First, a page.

The style of magma emplacement and the evolution of the E/T ratio can have a profound effect on the cooling of the Earth35,36. At the extreme, the models of Moore and Webb35 demonstrate a 'heat-pipe' regime—a high E/T endmember—where most of Earth's internal heat is removed by effective extrusive volcanism, moderating extreme Archaean mantle temperatures. More moderate regimes with lower E/T ratios have shown a style of "squishy-lid" tectonics36, a high temperature distributed deformation style that may have some commonality with the observed Mesoproterozoic peak for high T/P metamorphism. The transition between these regimes may have been moderated by an evolution in crustal composition in the Proterozoic27, changing crustal thickness37, and more defined upper and middle crustal density boundaries. The ratio of upper-mid crust/lower crust intrusions is ~ 4 times more in the in the Proterozoic, compared to the Archaean, where the preponderance of intrusive magmatism is at the crust–mantle boundary (Figs. 4, S4). This change to a higher proportion of intracrustal emplacement of intrusive magma in the Proterozoic may explain the scarcity of massif-type anorthosites in the Archaean.

The Mesoproterozoic is associated with world-class ore deposits, including Mt Isa38 in Queensland, and Olympic Dam39 in South Australia, which both seem to be associated with modified lithospheric signatures, and lower crustal emplacement of basic magmas. These lithospheric-scale ore systems seem to be powered at least in part by the heat provided by the basic intrusions, as well as by the specific composition of the mobile fractionated products, including interaction of the crust with released fluids—leading, for instance, to the enormous enrichment in radioactive species such as uranium at Olympic Dam39. This enrichment in radioactive elements is a peculiar feature of Proterozoic Australia40, and is associated with extreme radiogenic heating, high crustal heat flow and tectonic weakening. In conjunction with underplating of basic melts and advective heating of the crust, this extreme radiogenic heating has contributed to the dominance of high T/P metamorphism during this period in Australia.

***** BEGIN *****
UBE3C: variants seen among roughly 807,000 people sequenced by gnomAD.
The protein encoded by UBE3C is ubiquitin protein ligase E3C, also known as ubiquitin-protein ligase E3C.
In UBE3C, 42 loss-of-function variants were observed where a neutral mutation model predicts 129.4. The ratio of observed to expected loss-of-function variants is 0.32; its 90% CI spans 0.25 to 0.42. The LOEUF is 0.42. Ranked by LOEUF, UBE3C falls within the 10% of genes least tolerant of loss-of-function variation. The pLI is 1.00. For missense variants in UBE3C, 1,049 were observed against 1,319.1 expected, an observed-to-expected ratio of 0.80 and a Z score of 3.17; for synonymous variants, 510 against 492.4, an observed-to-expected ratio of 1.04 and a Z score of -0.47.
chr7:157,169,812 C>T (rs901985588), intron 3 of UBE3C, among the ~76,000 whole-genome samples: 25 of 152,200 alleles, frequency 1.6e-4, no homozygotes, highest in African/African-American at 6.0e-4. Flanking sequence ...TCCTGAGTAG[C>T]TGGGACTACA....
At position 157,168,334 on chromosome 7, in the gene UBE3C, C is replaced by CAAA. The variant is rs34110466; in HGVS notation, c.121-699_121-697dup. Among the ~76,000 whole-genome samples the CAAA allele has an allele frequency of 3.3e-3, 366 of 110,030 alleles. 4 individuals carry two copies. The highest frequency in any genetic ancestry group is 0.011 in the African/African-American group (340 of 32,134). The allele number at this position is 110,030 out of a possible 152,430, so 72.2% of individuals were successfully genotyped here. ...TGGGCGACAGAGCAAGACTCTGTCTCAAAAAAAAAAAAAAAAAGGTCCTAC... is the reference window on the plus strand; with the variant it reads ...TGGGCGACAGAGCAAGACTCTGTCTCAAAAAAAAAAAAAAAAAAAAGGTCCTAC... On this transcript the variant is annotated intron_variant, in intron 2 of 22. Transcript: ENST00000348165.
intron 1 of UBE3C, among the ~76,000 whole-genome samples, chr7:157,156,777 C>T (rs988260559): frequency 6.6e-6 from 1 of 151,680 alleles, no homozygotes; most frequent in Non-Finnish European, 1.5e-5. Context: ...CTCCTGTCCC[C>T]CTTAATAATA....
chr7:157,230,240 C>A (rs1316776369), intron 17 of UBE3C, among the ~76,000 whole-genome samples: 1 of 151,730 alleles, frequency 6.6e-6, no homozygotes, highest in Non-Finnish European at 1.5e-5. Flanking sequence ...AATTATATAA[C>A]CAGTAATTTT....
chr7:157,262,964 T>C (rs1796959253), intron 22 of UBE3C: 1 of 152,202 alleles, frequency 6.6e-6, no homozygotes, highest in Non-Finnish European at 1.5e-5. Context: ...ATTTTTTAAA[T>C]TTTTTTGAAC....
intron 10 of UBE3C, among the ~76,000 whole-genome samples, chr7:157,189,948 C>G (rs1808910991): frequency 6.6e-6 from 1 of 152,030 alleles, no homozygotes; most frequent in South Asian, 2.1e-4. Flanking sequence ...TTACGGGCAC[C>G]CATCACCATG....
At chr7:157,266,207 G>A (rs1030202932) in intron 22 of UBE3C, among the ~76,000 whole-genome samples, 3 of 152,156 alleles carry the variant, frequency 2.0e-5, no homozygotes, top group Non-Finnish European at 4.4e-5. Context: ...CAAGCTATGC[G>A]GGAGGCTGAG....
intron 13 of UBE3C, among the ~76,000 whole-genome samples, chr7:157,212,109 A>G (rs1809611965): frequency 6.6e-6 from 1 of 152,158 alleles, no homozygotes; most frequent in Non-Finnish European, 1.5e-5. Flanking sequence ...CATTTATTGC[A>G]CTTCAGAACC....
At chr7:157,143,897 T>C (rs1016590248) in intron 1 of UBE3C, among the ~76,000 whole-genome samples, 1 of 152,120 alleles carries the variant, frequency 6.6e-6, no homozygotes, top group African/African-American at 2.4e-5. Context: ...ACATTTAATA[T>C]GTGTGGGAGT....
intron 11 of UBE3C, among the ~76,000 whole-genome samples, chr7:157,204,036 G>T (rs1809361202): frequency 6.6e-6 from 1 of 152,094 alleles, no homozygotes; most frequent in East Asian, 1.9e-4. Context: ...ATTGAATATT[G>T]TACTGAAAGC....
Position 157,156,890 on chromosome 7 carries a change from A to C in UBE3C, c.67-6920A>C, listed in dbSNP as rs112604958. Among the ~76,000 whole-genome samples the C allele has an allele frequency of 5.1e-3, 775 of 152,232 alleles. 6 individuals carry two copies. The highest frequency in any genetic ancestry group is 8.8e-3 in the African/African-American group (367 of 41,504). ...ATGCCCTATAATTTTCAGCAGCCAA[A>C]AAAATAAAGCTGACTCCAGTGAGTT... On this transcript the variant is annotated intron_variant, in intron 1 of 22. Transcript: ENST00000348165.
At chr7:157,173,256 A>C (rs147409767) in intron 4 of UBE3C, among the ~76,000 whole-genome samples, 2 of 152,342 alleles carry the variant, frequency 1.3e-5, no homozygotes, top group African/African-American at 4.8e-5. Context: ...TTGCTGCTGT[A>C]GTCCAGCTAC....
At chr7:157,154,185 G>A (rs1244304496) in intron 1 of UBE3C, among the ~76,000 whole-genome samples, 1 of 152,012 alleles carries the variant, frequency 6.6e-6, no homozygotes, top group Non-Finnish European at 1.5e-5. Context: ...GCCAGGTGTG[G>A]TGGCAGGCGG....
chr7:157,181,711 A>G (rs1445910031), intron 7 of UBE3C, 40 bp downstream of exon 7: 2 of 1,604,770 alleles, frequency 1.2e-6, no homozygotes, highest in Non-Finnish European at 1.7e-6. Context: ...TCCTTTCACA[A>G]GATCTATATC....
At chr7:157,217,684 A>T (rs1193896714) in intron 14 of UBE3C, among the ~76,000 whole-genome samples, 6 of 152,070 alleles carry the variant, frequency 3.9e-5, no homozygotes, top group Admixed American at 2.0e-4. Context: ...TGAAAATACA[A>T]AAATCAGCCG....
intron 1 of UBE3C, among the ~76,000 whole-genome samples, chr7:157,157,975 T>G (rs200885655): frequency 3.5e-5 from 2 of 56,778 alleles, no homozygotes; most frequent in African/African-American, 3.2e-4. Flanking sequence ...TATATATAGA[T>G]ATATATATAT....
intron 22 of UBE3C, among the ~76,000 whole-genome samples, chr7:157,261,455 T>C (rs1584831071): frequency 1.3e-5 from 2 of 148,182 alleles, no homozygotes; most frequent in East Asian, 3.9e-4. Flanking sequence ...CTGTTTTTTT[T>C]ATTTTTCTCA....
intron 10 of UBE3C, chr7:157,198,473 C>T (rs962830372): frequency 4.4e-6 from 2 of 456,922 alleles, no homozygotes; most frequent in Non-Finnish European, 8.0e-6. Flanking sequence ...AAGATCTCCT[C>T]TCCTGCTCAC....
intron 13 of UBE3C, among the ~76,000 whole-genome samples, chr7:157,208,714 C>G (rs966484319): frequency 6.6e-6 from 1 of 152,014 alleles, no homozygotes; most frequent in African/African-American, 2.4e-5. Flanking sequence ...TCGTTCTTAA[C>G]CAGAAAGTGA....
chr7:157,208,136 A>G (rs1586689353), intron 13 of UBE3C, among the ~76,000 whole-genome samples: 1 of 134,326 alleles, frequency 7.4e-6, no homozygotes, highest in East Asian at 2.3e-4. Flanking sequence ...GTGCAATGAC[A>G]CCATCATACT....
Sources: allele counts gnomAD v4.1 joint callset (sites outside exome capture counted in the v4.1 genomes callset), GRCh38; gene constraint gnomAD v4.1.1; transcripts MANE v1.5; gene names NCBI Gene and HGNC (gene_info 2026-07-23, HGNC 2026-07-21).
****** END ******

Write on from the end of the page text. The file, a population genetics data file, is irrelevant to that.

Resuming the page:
The Proterozoic has been associated with early development of a supercontinent cycle, with assembly of the supercontinent Nuna/Columbia initiating around 1.9 Ga, and final assembly around 1.7–1.5 Ga, followed by the assembly of Rodinia from 1.2 Ga20. It has been suggested that supercontinents could blanket the mantle beneath them41,42, resulting in locally elevated mantle temperatures, and enhanced crustal volcanism—potentially resulting in similar predictions to a tectonic lull43. Differentiating between the relative importance of these two mechanisms requires more detailed tectonic reconstructions of Proterozoic supercontinent configurations and duration20. Further evidence for the association of mid-Proterozoic high thermobaric gradients, ore genesis, and increased intrusive emplacement, could be garnered from detailed analysis of magmatic and metamorphic systems globally, including detailed metamorphic thermodynamic modelling47, regional volcanic volume estimates, and detailed mid-crustal geophysics to constrain emplacement systems. In addition, more detailed examples of E/T volcanism more generally throughout the Proterozoic are needed to better constrain this important diagnostic of Earth’s magmatic and thermal evolution.